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Prepping? A Real-World Guide For Emergency Preparation

You don’t have to be paranoid to be prepared. This primer offers simple, tangible advice so you’re ready for actual emergencies, in the real world.

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Let’s get a few things straight. You don’t need to build a bunker in your basement. The “Zombie Apocalypse” thing was cute for a while but it’s not real, and dropping your cell phone in a puddle doesn’t count as an emergency.

This is a primer on emergency preparedness in the real world and by no means a comprehensive guide, but should serve as a good starting point.

Be Prepared

Things Happen. I’ve personally been called upon to respond to traffic accidents, natural disasters, missing children, incidents of violence, pregnant women having car trouble, outdoor injuries (including my own), and myriad other emergencies—big and small.

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The one thing that all of these shared in common was that there were real dangers that required some level of preparation to mitigate or, hopefully, avoid altogether.

Most everyone will, at some point, encounter a legitimate emergency—either as a participant or as a witness. Preparation may be as simple as keeping your cell phone charged or as complex and intense as going to medical school, but the moment will arise when you have the opportunity to save the day or drop the ball.

Prepping: Getting Started

The first step in handling any emergency is staying calm. If you have exactly the right gear but panic when things go sideways, you’ll have a much harder time thinking through what needs to be done and how best to use what you have.

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You don’t need to stockpile ammo, but a little home defense – secured from children and others – doesn’t hurt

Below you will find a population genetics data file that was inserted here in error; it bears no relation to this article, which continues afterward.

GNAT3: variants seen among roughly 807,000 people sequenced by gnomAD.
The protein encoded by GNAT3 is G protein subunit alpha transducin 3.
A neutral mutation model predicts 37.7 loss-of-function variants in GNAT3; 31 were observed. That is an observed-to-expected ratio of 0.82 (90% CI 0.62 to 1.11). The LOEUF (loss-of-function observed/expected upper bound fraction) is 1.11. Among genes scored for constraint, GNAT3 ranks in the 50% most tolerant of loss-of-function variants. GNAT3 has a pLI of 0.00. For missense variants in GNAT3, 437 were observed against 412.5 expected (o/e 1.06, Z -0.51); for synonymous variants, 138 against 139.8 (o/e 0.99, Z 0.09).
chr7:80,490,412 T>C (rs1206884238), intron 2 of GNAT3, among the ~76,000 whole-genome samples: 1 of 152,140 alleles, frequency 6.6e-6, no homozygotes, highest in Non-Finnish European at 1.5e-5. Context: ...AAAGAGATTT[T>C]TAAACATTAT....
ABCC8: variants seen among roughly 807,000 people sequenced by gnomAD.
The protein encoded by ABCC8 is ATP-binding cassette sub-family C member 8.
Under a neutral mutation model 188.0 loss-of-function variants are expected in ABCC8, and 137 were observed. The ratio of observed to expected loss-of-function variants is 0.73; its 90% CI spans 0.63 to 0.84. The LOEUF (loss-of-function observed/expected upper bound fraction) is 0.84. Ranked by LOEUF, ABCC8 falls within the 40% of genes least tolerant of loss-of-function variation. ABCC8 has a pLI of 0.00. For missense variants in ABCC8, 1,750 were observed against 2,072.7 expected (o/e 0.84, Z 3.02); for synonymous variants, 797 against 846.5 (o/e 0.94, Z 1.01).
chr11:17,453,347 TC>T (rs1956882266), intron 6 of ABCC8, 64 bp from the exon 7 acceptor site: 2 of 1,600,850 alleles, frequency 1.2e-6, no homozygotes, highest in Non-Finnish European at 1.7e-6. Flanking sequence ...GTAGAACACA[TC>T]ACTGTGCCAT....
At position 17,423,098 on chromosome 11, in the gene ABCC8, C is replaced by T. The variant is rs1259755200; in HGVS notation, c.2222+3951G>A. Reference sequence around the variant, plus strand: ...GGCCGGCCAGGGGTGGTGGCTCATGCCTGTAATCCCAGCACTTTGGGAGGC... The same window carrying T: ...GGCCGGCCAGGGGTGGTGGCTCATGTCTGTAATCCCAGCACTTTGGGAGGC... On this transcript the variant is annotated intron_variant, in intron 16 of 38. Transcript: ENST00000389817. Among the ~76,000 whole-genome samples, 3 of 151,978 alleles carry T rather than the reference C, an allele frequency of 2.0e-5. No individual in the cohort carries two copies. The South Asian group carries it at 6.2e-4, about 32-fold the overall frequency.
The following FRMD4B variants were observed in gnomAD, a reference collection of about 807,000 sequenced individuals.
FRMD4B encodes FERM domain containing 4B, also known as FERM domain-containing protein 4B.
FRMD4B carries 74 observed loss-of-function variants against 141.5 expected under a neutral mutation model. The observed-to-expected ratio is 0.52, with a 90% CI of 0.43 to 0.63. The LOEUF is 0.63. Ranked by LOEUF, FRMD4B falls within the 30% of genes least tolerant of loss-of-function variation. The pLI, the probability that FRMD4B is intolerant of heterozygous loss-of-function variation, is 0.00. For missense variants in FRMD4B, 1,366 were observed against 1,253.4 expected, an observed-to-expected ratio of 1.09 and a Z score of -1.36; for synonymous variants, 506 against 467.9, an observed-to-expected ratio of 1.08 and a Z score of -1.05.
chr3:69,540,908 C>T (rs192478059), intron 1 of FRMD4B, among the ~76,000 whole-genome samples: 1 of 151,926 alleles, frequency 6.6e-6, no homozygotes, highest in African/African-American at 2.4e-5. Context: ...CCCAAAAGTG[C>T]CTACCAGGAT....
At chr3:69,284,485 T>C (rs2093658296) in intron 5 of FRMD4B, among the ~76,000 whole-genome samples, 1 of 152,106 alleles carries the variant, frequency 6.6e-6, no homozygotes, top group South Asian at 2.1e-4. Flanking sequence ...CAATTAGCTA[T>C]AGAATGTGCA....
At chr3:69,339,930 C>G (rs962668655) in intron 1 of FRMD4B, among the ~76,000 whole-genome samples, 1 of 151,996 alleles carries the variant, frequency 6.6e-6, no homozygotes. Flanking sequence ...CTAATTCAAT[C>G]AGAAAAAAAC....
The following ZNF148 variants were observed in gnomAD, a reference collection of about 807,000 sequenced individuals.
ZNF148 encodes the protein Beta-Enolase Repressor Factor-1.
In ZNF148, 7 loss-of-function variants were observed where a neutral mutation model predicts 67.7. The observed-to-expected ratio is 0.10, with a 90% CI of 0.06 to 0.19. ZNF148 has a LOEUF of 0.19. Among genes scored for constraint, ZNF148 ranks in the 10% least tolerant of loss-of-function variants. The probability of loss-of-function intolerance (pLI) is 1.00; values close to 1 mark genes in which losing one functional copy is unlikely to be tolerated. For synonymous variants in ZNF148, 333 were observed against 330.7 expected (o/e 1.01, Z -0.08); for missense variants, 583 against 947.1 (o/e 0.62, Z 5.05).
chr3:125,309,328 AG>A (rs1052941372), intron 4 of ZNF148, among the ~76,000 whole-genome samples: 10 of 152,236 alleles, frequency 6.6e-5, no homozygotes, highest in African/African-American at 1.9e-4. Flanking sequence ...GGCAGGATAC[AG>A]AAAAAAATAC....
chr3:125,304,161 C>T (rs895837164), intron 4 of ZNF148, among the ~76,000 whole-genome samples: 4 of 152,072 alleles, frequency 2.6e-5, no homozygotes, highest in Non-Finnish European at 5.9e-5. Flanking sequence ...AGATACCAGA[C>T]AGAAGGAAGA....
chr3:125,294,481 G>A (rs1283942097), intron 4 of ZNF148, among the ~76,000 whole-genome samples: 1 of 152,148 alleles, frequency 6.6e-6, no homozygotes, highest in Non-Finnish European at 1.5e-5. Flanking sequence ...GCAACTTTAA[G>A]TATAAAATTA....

Before anything else, start by developing self control.

Deny yourself something that you crave—not because it’s necessarily bad for you, but as a means of practicing your decision-making skills in the face of an internal urge.

Meditate and practice clearing your mind to focus on one thing that you select, rather than all the stimuli with which we’re constantly inundated. Do hard things—run, jump, climb, lift, work—developing your physical abilities requires the same mental strength that you may have to use in an emergency.

While starting on the mental preparation, you should also work on collecting a few basic items for your pockets, vehicle, and home.

Put These In Your Pockets

In the majority of cases, a cell phone is the most important emergency preparedness item you can carry. It supplements any knowledge, skills, or equipment you may be lacking by providing access to the internet’s vast wealth of information. Use it to call for rescue teams or share your location with friends and family, letting them know that you’re safe.

SpareOne phone
The SpareOne is a phone designed specifically for emergency use

Take pictures for your insurance company after a car accident (mitigating financial dangers) or video for police if you witness a crime (be extremely careful in these cases).

Along with my cell phone, I carry a few other things that have been indispensable in a jam.

  • A little cash (card readers don’t always work and there are times when a bribe could keep you alive in some foreign countries, always at least a $20)
  • A handkerchief (to use as a bandage or tourniquet, water filter, or packaging)
  • A Leatherman Skeletool RX (for auto repairs in a pinch, field stripping a rifle, field dressing an animal, or breaking glass to get in or out of a car or building, cutting seatbelts and cutting kindling)
  • A couple Band-Aids (so that a small injury doesn’t become a big emergency due to infection)
  • A lighter (for cooking, warmth, cauterization, etc.)
  • An emergency contact list (in case I’m the victim, I’d really like someone to let my wife know what happened)
  • An organ donor card (so, worst case scenario, I can still help someone else survive even if I don’t)

Put These In Your Car For Emergency

Everybody—regardless of your ability to use them—should carry: